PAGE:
LIBERATION Guam Remembers
A Golden Salute for the 50th anniversary of the Liberation of Guam
As U.S. forces approached Guam in 1944,
the Japanese military began exercising their power over life and death,
and their brutality to the Chamorro people turned evil. In this photo,
which was taken in late June or early July 1944 and captured by the
American military, Japanese military officers prepare to execute three
Chamorro men. At left, barely discernible behind the fading in the
photograph is Miguel Terlaje. At center is Jesus (Kiadas) Salas, and at
right is Juan (Dondo) Perez, his hands clasped together as if he were
praying. Jesus Salas and Perez were apparently executed because they had
been members of the Insular Force Guard, a naval militia formed just
months before the Japanese invaded Guam in December 1941. Miguel Terlaje
was apparently executed for disobedience.
In Tai, a day of terror and tragedy
By JUDGE JOAQUIN V.E. MANIBUSAN
Before the American bombardment, in late June or
early July 1944, I and other members of my work battalion witnessed at
Tai one of the most appalling and tragic sights - the execution by
beheading of three Chamorro men by a Japanese taicho (head military
man, an officer).
It is a day in my life that cannot be compared to
It was that day 50 years ago when Tun Enrique White
and I were teamed up by the Japanese at a Japanese camp in Tai, across
from where Father Duenas school is now. It was late in the afternoon
when we were ordered to dig a four-foot-deep hole. We did not know what
the purpose of the hole, and others were ordered to dig two more
I was a kucho (assistant team leader) at the time,
and among members of my team were Juan Lujan Salas, Vicente (Eka) Blas,
Victoriano (Chele) Camacho, Manuel N. Lujan, Charlie Martinez, Jose
Garrido Salas, Candido San Nicolas, Enrique White, Enrique Peredo and
Juan San Nicolas. They all witnessed the execution, along with several
nurses - Mariquita Perez Howard, Concepcion Torre Tenorio (Connie
Slotnik) and Simplicia Salas. Blas, Camacho, and Candido San Nicolas
were later killed by the Japanese in Yigo; Mariquita was also killed by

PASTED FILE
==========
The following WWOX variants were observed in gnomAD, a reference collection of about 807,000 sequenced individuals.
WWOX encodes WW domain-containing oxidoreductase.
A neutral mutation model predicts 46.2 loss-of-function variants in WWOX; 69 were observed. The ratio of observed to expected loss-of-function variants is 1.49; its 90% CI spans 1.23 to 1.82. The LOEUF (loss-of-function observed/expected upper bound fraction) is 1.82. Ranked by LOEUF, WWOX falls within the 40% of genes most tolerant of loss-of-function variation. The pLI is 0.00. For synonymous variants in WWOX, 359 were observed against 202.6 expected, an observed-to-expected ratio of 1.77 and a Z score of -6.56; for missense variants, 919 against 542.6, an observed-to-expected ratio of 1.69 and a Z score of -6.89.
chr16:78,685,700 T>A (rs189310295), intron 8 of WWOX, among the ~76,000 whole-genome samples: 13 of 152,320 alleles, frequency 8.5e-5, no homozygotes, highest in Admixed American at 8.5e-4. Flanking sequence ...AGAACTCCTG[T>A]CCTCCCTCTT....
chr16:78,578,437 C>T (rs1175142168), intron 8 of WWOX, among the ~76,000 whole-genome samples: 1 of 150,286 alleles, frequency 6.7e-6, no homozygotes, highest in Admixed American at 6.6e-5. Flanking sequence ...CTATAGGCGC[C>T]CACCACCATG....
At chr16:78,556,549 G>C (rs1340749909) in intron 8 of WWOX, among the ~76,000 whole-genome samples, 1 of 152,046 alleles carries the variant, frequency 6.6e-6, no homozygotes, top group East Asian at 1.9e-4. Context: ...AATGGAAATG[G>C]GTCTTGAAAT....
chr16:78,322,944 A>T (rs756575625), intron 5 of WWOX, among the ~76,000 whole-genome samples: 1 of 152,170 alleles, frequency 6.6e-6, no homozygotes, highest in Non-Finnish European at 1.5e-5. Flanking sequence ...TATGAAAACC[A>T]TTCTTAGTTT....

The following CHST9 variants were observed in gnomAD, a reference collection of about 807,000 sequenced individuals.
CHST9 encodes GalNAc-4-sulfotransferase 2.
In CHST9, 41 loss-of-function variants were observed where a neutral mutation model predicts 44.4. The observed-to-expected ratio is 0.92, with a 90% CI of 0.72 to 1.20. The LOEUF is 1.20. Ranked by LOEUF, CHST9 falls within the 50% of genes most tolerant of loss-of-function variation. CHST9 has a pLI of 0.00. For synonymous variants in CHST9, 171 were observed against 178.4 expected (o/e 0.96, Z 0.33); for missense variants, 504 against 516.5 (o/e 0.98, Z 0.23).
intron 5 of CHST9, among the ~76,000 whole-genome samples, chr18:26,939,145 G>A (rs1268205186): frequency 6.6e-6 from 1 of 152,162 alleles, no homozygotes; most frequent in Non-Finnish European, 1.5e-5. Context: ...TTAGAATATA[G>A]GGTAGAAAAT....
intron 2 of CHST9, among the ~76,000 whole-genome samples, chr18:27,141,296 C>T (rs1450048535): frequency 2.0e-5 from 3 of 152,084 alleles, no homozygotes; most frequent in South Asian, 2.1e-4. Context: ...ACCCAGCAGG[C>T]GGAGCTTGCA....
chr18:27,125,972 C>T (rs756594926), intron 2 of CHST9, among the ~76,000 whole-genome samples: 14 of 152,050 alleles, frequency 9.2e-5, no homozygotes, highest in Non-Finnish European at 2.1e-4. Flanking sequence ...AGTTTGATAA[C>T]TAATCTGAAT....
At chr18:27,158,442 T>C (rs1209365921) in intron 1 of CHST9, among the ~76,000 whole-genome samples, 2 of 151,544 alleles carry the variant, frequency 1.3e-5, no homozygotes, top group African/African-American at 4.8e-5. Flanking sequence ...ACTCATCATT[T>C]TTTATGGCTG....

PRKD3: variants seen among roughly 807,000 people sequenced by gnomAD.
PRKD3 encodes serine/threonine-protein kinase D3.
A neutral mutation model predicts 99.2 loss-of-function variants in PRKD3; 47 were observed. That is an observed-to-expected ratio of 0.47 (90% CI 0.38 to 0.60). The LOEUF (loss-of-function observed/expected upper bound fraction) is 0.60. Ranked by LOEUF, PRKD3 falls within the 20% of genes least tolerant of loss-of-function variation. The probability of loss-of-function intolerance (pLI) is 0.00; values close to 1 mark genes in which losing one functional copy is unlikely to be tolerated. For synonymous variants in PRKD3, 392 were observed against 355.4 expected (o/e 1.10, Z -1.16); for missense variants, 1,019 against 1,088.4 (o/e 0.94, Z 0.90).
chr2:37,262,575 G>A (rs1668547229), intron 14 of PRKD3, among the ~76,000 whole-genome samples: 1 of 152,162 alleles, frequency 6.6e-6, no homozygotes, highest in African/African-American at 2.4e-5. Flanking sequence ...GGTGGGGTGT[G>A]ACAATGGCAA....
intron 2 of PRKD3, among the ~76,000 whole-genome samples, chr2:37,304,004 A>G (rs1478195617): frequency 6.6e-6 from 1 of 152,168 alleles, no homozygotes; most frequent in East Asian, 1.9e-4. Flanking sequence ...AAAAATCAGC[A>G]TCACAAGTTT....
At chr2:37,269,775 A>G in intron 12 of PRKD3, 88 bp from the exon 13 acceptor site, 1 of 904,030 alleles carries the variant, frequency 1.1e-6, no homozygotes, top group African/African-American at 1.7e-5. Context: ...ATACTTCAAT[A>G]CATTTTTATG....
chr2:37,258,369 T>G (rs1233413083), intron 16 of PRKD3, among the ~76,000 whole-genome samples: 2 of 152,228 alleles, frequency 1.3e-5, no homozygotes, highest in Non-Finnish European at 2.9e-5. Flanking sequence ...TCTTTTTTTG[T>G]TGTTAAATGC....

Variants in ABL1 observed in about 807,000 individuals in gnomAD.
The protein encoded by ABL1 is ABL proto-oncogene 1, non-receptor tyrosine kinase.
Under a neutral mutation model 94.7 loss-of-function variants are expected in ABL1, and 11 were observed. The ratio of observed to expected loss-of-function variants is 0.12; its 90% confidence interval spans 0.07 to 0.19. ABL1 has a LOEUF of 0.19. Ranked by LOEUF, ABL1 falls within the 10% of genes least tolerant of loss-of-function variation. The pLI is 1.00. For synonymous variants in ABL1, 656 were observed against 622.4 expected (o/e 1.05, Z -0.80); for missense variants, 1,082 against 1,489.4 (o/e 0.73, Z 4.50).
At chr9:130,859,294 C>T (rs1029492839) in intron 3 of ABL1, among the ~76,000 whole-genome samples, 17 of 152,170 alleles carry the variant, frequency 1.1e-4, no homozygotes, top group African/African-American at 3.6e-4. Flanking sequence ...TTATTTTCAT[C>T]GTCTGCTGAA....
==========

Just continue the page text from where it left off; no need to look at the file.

I recall being there at the camp and my men being
ordered to catch about 10 dogs. The dogs were tied up and hung upside
down from a tree; the Japanese then would practice swinging their swords
by killing the dogs. The taicho would demonstrate to us what he believed
to be an art - the skill of slaying a dog. Of course, he was showing off
the power of his sharp blade of the sword.
There were several occasions where he would tie my
hands and those of others. He would then take his sword and run it
across the back of my neck. The interpreter told me that I was supposed
to have my neck slashed twice, but I escaped death.
Another fearful and agonizing moment was once when
the blade of the sword actually nicked my forehead, a threat to me to be
obedient to the Japanese commander. That scar is still on my forehead
and although in these years past I have not associated this scar with
the scars of the war, I am again reminded why that scar is there.
Again while others may have had their heads severed,
I again escaped death in that instance.
I have kept this picture for almost 50 years; it was
obtained by my father, the late Judge Jose Camacho Manibusan when he was
chairman of the War Crimes Commission.
Looking at the picture, what Tun Enrique and I dug is
the hole on the right; it is where Juan Perez was buried. In the middle
of the picture is Jesus Salas, shown kneeling, like Juan Perez, beside the hole
dug for him. Both Perez and Salas were members of the Insular Guard
Force and were from Piti.
With a man possibly laying injured
inside the canoe's hull, three men wave to a Navy pilot. Three groups of
Merizo villagers were picked up by the Navy, all fleeing Japanese
brutality. With the massacres at Tinta and Faha fresh in their minds,
the men were seeking help for families that were left behind.
The hole to the left was dug for Miguel Terlaje. He
was nearly dead because he was severely beaten in Hagatna (Agana)
because instead of going to get water, he was found doing something
I don't remember much about that man, but what I
remember was that a ceremony always occurred before a beheading.
I remember that the tallest man, the taicho, was the
Japanese in charge of slaying the men. You can see from the photo a
Japanese soldier leaning to wipe off the sword. The sword was always
cleaned before a beheading and then wiped off afterward.
One other command from the Japanese, part of their
ritual was to have the people in the camp surround the holes and
witness what would happen if anyone would be found in disobedience.
Tun Enrique White has passed away, and I am the only
one living to recall this agonizing and traumatic experience. Although I
forced myself to mentally block this memory from my mind, the scars on
my legs and on my back are constant reminders every waking moment of my
And now, as I remember this terrible day, the pain
grows stronger and the memories more vivid and I find myself reliving
the fear and torture and I am in tears
As the Chamorros honor the members of their Insular
Guard Force who died in battle and throughout the war and other Chamorros
who were beheaded or tortured to death, I want to part with this
picture, this picture I received from my father, this picture which
accounts for my painful memories of Tai.
I wish to tell stories to my children so they can
tell the same stories to their children and to their children's children
and so on.
It is time to talk about my experience during the
war, and continue to talk. Maybe by talking and sharing my experience, I
can finally let go of these painful memories and find peace - after 50
years of not telling my story - and now begin to heal.